Samantha Geimer, Dylan Farrow

Bruce Glikas, Bryan Bedder//Getty Images

Samantha Jane Geimer knows all too well about both private and public suffering.

Now close to 50, the author of The Girl: A Life in the Shadow of Roman Polanski was assaulted by the Oscar-winning director when she was 13. Polanski's plea deal with prosecutors at the time prevented her from having to testify and then, 30 years later, she prominently came out against the state of California's continued effort to prosecute Polanski, who fled the U.S. before he was scheduled to be sentenced and has not returned since.

In response to Dylan Farrow's recent open letter in the New York Times stating that Woody Allen sexually abused her when she was 7 (charges were never filed against the filmmaker), Geimer expresses her hopes in a post on that she hopes Dylan speaking up will both help her heal and be a reminder that no one should be too quick to judge either side, the accuser or the alleged perpetrator. 

Woody Allen

Serge Haouzi/Maxppp/ZUMA Press

"Can this help anyone else? We should operate on the premise that it must," Geimer wrote.

"I have been trying to find a glimmer of hope that this has all been worth something," she continued in her post, published Friday. "The first person it should have helped is the victim at the center of it. I hope that her public statements in Vanity Fair and in the New York Times have brought her some comfort. Being able to speak your truth in the face of the very real fact that some will never believe you can be an empowering thing. Most victims do not have the benefit of major publications printing their words, nor the consequences of using such high-profile platforms to be heard. Let's not forget those who are suffering right now, perhaps trapped in months or years of abuse with no escape, those who have no voice.

"Dylan says in her open letter that she hopes she can help other victims come forward and heal. On the face of it, my first reaction was that this painful public battle, in which there can be no winners and only a very long list of losers, will not encourage anyone to speak out about their abuse. Let's not let that happen."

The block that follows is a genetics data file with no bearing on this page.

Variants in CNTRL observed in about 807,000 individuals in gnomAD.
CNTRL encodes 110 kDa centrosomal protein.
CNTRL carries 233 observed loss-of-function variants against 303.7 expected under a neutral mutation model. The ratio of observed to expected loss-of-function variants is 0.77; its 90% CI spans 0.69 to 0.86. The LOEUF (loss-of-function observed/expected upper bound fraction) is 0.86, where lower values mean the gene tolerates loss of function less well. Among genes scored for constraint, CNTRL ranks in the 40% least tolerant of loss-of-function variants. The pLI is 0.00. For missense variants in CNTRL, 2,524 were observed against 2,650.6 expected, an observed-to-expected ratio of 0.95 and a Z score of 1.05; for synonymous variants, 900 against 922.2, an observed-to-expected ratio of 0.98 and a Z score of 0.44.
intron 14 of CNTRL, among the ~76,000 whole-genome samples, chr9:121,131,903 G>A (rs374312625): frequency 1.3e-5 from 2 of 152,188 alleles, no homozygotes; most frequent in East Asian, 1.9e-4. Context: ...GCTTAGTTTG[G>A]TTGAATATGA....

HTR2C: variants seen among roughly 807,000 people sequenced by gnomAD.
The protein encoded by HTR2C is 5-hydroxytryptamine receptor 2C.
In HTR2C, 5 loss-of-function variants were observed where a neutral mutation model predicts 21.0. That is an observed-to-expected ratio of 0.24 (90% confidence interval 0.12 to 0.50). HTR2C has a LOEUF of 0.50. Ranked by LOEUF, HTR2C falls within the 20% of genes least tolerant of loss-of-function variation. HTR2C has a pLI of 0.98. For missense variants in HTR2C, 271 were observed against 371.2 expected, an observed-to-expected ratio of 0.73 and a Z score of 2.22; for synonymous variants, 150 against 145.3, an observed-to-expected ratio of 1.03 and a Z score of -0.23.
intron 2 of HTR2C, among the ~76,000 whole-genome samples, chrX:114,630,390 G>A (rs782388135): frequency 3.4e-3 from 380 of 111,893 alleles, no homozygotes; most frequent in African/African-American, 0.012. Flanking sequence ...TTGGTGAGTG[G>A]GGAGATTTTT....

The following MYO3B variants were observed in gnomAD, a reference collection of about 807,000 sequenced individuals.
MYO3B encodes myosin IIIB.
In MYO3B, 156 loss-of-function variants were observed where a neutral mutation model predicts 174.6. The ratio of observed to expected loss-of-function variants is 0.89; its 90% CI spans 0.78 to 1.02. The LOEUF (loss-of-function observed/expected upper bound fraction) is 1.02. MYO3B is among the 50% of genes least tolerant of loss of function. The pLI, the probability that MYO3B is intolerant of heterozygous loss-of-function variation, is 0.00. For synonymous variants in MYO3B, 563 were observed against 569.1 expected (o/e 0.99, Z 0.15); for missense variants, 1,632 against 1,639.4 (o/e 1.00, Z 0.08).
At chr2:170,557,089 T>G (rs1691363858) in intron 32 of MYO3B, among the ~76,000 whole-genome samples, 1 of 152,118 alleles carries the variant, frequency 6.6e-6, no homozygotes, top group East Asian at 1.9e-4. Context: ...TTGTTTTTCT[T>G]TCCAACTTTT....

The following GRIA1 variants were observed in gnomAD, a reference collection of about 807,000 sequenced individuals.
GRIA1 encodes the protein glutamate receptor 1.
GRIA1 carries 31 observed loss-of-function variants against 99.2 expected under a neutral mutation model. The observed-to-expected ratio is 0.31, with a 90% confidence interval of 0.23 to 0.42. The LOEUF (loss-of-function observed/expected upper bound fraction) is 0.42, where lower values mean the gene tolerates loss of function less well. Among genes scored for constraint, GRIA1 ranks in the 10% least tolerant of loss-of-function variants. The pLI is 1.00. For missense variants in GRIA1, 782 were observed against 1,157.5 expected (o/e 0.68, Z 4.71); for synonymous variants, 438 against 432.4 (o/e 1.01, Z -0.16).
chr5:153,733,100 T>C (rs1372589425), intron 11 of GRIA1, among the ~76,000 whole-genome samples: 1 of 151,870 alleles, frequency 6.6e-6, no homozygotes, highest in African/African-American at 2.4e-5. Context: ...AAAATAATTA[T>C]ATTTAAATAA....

She recalls not wanting to testify or press charges against Polanski for assaulting her, but acknowledges that "[victims] all have varied experience and feelings."

She writes that the healing process doesn't need to stop and start with prosecution, that if the alleged perpetrator is never prosecuted, or if a victim opts not to come forward, "the most important thing is to try to begin recovering from within."

"We can recover even if there is no punishment for the abuser," Geimer writes. "We can come forward or we can heal privately. The only thing we can't do is change what has already happened."

"Bitterness and retribution, regret and anger are things that poison you; they do not heal you," she concludes. "We are surrounded by people who may have suffered less or have suffered in ways we cannot imagine. Accept yourself, accept what has happened and how you have handled it. Give no one the authority to judge you and do not judge others in how they have chosen to recover. The last and perhaps most difficult thing: Refrain from jumping to conclusions about the guilt of a person who is accused but not charged with or convicted of a crime. I think we all have a lot of work to do."

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